sleep deprivation

Bonnie Kerness: Pioneer in the Struggle Against Solitary Confinement

November 8, 2012  by Solitary Watch Guest Author Lance Tapley

In 1986 Ojore Lutalo, a black revolutionary in the Trenton State Prison — now the New Jersey State Prison — wrote to Bonnie Kerness’s American Friends Service Committee (AFSC) office in Newark. His letter described the extreme isolation and other brutalities in the prison’s Management Control Unit, which he called a “prison within a prison.”

“I could not believe what he was telling me” about the MCU, she says. She reacted by becoming “this lunatic white lady” calling New Jersey corrections officials about Lutalo.

Kerness immediately went to work trying to stop MCU guards from harassing prisoners by waking them at 1 a.m. to make them strip in front of snarling dogs leaping for their genitals — to arbitrarily have them switch cells. She got this practice stopped.

Lutalo’s letter also began to open her eyes to the torture of solitary confinement, which in the mid-1980s was just starting to spread across the country as a mass penological practice. Coordinator of the AFSC’s national Prison Watch Project, Kerness had worked on prison issues since the mid-1970s. Now she became an anti-solitary-confinement activist. In 2012, she has been one longer and more consistently than, possibly, anyone else.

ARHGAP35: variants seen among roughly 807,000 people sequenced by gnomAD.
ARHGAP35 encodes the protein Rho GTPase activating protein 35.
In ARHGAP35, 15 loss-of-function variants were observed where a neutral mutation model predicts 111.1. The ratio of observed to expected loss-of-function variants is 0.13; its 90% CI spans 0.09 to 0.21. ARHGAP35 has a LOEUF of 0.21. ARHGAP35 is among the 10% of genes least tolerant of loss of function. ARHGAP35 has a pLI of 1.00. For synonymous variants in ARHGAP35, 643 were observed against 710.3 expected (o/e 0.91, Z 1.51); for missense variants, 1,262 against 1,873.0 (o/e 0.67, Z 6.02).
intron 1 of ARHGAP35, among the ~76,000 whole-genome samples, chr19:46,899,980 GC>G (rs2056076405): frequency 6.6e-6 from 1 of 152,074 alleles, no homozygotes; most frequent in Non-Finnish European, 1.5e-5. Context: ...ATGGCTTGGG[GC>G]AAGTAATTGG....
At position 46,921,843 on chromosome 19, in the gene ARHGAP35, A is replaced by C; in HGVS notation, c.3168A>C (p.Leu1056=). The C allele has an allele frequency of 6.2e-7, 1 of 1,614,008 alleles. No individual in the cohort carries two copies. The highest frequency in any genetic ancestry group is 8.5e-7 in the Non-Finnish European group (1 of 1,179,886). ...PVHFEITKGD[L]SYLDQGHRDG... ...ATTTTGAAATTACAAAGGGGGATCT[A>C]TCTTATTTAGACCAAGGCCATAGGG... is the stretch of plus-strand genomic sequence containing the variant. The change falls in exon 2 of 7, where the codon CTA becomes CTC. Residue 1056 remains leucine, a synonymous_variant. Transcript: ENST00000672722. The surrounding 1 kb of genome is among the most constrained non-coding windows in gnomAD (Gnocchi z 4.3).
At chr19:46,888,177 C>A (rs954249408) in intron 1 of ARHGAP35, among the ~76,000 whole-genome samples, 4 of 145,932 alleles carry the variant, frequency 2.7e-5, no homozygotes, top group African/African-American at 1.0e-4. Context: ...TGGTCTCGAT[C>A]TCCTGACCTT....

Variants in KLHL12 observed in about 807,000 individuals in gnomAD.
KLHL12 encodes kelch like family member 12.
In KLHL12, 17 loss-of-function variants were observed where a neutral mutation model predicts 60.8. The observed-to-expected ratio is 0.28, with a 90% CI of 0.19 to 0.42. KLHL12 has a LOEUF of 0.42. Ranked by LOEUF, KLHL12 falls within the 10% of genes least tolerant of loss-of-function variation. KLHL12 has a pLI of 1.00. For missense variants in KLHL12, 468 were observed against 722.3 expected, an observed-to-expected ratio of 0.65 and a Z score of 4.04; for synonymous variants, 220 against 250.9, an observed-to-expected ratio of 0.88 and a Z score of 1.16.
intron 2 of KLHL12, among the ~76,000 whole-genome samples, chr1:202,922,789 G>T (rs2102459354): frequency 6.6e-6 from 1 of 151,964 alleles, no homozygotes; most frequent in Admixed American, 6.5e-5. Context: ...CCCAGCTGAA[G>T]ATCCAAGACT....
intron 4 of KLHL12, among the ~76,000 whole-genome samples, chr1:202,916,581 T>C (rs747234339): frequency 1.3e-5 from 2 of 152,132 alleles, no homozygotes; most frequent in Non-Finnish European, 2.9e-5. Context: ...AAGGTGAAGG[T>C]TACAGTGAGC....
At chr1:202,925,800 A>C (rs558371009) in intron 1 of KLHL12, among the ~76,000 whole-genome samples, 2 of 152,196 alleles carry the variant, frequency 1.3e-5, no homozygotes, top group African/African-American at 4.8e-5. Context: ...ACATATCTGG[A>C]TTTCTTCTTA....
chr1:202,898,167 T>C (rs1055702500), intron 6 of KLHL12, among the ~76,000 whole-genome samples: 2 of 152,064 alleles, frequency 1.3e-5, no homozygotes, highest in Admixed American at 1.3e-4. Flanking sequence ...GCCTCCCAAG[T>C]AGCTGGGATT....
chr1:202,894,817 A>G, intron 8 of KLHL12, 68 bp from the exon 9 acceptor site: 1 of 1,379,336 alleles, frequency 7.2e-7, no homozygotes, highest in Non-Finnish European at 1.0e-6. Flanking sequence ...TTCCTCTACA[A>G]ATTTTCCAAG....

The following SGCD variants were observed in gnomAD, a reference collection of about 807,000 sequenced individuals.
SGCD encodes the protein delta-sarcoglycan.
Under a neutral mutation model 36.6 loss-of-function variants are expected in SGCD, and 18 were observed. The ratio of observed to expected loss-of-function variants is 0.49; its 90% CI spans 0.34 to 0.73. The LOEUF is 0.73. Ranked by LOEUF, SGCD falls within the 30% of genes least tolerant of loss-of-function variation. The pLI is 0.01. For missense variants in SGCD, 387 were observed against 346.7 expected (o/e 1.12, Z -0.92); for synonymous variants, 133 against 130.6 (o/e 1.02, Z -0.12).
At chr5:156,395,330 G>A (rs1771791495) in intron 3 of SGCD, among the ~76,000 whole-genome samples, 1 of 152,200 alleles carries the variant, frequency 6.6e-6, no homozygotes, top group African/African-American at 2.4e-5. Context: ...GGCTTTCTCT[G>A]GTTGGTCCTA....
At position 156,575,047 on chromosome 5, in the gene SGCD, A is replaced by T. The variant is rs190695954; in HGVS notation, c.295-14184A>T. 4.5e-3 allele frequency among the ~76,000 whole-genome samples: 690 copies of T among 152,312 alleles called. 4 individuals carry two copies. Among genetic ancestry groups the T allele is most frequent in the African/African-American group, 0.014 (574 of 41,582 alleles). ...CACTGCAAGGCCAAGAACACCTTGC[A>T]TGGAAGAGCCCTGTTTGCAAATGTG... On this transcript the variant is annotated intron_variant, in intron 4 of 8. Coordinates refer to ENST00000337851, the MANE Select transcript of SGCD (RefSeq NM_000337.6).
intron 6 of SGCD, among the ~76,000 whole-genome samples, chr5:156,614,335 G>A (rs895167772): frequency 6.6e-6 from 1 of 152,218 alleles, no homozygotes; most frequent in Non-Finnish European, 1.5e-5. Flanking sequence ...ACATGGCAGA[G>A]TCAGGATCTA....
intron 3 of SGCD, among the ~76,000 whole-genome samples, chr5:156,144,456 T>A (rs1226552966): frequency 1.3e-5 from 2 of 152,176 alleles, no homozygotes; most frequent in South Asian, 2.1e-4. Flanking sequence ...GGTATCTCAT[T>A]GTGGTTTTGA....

Homeless Persons' Memorial Day

 

HOMELESS PERSONS' MEMORIAL DAY

Homelees people die from systemic violence.

Homeless people die from illnesses that affect everyone, frequently without healthcare.

Homeless people die when government policies deprive them of everything.

Homeless people die from exposure, unprotected from the heat and cold.

Homeless people die at the hands of police and civilians, in unprovoked hate crimes.

Health care is a human right.

Housing is a human right.

INCREASING RAIDS ON PEOPLE WHO SLEEP OUTDOORS

A newly forming group from both Northern and Southern Humboldt invites you to meet and discuss future plans concerning ongoing raids on public and private lands that are displacing community members.

 

Also seeking Civil and Human Rights attorneys to join our efforts.

 

For more information:
Please contact Kathy Epling in Redway at (707) 923-4488
or Kathy Anderson in Eureka at (707) 444-3155.